Central Road Fund

The Government of India has created a dedicated fund collected Central Road Fund (CRF) for collection of cess on petrol and high-speed diesel (HSD) oil which is presently Rs 2 per litre. The fund is distributed for development and maintenance of roads of all types, railway bridges and other safety features. So far an allocation of Rs 18,500 has been earmarked under CRF for 2011–12.

Railroad Co-ordination

An important issue, to be given attention while building roads, is the effective coordination between railways and roadways. Regrettably, however, in the case of a substantial section of our transport system, roads run parallel to the railway thereby duplicating services and creating conditions of competition. Our planners are now prompted to ensure that these two primary systems of transport supplement each other. Roads should cater preferably to short and middle distances and remote areas inaccessible to railways and serve in connecting production centres while Railways should take over from them on for long distance transportation. A co- ordinate perspective planning is necessary in rail and road building in view of the fuel economy and other advantages of mass transpiration.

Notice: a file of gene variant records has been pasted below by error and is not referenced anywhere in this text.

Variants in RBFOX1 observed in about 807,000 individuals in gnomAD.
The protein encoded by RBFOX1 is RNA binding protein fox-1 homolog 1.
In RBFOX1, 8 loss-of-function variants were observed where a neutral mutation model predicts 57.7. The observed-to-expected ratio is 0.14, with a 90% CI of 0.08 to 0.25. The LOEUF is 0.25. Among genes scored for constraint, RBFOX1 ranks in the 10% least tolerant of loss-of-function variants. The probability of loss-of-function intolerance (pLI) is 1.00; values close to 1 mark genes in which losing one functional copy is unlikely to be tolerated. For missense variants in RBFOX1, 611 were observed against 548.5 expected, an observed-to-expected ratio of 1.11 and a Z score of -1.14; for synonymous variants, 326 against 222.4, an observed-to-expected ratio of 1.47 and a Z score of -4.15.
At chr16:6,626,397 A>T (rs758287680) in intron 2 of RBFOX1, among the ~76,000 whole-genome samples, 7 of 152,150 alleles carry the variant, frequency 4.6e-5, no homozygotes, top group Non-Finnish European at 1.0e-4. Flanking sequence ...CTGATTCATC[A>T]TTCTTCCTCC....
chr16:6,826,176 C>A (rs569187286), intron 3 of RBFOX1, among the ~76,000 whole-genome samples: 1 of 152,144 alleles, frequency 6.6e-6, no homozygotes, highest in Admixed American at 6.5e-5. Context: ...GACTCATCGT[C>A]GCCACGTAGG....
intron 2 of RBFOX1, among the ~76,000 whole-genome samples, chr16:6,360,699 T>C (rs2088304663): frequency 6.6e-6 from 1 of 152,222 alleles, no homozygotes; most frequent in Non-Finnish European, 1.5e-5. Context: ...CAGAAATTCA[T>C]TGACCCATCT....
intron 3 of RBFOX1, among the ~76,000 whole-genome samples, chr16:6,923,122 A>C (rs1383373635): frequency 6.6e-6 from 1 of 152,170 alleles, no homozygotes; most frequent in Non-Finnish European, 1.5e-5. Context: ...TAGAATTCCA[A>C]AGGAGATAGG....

Express Highways

Four express highways have been built in India for faster movement of traffic. Two are in Bombay—the Eastern and Western Express High ways. The third runs between Calcutta and Dum Dum airport and the fourth between Sukinda mines to Paradip port. The fifth express highway which is approximately 100 km in length connects Durgapur and Calcutta.

International Highways

There are two categories of International highways. The first are the main arterial routes linking the capitals of the countries and the second are routes joining main cities, ports etc., with the arterial network.